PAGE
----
US Lags in Pesticide Regulation

Submitted by jwalton on

The United States uses over a billion pounds of pesticides each year, many that contain chemicals banned in other countries. These toxic chemicals have major impacts on both people and the planet. US regulation has fallen behind other major agricultural producers to side with the agrochemical industry at the risk of our health.

Brazil, China, the European Union, and the United States are the world’s four largest agricultural producers, growing over half of the world’s food; they’re also the biggest pesticide users. Of these four, US regulation is lagging the most, still allowing 85 pesticides that are banned in at least one of these other nations. 


Impact on People and Planet

Regulation isn’t improving. Over the past ten years, the US has even increased the use of some of these pesticides banned in other countries. We’ve seen an increase in impacts on human and environmental health as well. 

Many pesticides are linked to acute poisonings. These chemicals are used to prevent certain pests—weeds, insects, fungi, and bacteria—but they also affect humans and non-target species like bees. Some of these pesticides contain known neurotoxins with over 2,000 reported health incidents annually—and many cases go unreported due to farm workers’ worries of retaliation and language barriers. Antibiotics are also used in agriculture as pesticides, contributing to antibiotic resistance that impacts over two million people annually, with 23,000 cases of death each year.  

Maybe you’ve seen the news around the controversial pesticide RoundUp? There are currently over ten thousand cases against this Bayer/Monsanto product, which contains glyphosate. The World Health Organization has deemed glyphosate a probable human carcinogen. It’s also listed under California’s proposition 65 as a chemical known to cause cancer. It’s the most commonly used pesticide in the US and the world. And, while the lawsuits largely involve those using the chemical in agriculture and landscaping, residues are also found on foods and at alarming rates in honey. Yet US regulating agencies refuse to step in.

Farms and their surrounding ecosystems are negatively impacted by pesticide drift and runoff. Deep in the soils, pesticides kill the life needed to grow healthy foods, leading to soil degradation that has some scientists saying we have less than 60 years of farming left. High in the air, pesticide use and production contribute to climate change and kill pollinators. Streams become polluted, and diversity is lost. These chemicals leave a lasting impression on all aspects of the natural environment.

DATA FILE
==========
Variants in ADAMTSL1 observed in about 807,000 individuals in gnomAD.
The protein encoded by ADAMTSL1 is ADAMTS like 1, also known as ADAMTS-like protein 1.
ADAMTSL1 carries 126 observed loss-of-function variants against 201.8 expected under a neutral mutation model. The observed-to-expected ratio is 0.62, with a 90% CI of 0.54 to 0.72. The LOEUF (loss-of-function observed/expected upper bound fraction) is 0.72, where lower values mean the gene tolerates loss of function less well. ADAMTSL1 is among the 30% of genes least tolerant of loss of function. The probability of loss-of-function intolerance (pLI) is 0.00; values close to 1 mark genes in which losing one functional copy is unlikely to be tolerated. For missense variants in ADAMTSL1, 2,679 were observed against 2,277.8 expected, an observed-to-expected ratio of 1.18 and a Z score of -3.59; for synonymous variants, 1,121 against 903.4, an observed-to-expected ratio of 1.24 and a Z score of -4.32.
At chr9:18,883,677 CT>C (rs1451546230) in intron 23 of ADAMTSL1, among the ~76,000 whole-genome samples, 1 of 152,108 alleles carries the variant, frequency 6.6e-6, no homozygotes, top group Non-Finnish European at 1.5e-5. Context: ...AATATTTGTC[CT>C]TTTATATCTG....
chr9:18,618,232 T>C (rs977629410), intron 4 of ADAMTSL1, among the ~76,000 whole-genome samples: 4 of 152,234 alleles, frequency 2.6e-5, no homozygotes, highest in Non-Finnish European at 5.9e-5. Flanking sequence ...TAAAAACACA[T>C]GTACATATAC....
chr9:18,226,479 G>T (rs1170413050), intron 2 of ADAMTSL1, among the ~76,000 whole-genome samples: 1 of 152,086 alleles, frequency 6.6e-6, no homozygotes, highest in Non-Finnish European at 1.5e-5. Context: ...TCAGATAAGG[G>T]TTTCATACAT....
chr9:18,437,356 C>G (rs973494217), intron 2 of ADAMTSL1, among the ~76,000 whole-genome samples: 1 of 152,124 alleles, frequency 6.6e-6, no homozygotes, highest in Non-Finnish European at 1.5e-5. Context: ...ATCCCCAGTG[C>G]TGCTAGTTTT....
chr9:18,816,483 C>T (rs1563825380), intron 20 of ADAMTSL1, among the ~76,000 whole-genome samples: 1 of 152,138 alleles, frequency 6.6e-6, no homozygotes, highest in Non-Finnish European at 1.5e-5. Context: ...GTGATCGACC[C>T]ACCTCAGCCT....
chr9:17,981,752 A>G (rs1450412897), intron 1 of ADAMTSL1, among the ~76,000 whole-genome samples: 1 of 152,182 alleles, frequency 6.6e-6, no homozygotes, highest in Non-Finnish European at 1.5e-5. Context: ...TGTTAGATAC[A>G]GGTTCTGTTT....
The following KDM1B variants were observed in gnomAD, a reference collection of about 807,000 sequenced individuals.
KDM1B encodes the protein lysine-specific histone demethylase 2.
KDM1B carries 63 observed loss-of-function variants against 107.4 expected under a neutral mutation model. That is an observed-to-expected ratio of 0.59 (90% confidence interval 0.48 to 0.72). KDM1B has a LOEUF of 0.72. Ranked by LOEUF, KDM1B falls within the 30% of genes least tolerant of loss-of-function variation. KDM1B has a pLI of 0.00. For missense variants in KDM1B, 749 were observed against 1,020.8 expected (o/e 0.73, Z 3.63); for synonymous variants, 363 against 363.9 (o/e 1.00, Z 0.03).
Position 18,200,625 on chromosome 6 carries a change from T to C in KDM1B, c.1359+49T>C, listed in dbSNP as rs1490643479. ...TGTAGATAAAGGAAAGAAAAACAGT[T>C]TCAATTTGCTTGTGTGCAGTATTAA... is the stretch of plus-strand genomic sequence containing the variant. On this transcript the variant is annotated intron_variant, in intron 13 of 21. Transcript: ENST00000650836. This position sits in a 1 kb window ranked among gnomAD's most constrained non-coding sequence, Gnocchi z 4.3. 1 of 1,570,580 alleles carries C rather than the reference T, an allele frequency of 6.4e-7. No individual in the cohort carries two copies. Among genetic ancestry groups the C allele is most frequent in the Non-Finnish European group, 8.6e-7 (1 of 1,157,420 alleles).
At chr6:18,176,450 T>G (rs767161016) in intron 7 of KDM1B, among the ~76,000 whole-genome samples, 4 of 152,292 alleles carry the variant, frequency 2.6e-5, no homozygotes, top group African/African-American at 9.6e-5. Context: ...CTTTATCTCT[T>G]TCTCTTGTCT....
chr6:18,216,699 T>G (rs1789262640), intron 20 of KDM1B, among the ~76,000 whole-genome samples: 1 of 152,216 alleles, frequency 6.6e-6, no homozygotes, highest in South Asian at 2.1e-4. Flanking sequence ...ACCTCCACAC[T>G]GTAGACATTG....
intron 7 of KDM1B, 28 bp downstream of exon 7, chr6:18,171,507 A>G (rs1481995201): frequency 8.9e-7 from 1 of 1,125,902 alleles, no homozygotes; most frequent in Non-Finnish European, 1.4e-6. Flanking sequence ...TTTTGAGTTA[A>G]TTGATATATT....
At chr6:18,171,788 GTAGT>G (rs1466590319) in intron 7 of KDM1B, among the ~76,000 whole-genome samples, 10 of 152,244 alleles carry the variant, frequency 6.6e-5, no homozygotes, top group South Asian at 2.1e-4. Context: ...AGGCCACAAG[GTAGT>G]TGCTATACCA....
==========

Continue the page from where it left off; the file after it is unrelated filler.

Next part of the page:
The State of US Regulation 

Pesticides in the US are regulated by the Environmental Protection Agency (EPA), which is closely linked with the very industry it’s meant to oversee. On top of that, regulation can vary widely depending on the current administration. When regulating the chemicals in agricultural pesticides, the agency determines risk using a cost-benefit analyses, attempting to put prices on human and environmental health in order to measure the risks worth taking, an analysis fraught with issues and influence. 

In the US, bans on these chemicals are extremely rare. Instead, the EPA relies heavily on industry-initiated, voluntary cancellation of pesticides, making this a business decision that keeps the most profitable chemicals on the shelf, regardless of their toxicity. Voluntary cancellation does not happen often either, but when it does, companies are given eight years to phase chemicals out, leaving many more opportunities for harm.

The US still has access to some of the most harmful pesticides because they didn’t sign the Rotterdam Convention, which allows countries to block trade of these toxic chemicals and effectively ban them from their country. The US is only one of six countries in the world who did not sign this treaty, essentially keeping our markets and fields open to harmful pesticides. Some states—including California, New York, and Washington—have adopted their own protective regulations that are more stringent than those at the federal level. 

And, while the EPA is mandated to regulate the amount of pesticides found on food once it gets to consumers, residues almost always remain. For example, research from the EPA shows that kale—once the posterchild for healthy eating—can have up to 30 pesticides found on it in the US market.


Putting People and Planet First

Ten percent of the US’s pesticide use contains chemicals banned or unapproved in all three of the other top agricultural producers. That’s a sign that our regulatory agency isn’t putting people and planet first. It doesn’t have to be like that.

The EPA, agrochemical companies, and some producers will claim that these chemicals are necessary to feed a growing world. But, the European Union can be looked to as an example that toxic pesticides aren’t necessary to be a successful agricultural producer. Despite their limited arable land and some of the world’s tightest pesticide regulations, their agricultural exports are worth more than China, Brazil, and the US combined. More people- and planet-centric agriculture is not only possible but profitable

This can be done in the US as well, and some Soil SuperHeroes are already using regenerative agricultural practices that reduce the need for chemical pest management. But, the reality is that US is currently a laggard in this field, allowing widespread hazardous use of chemicals that other agricultural nations have deemed unsafe. 

Protect yourself by eating foods grown organically and regeneratively.


Take Action

1. Tell the EPA to ban glyphosate

2. Eliminate pesticides in your own gardens



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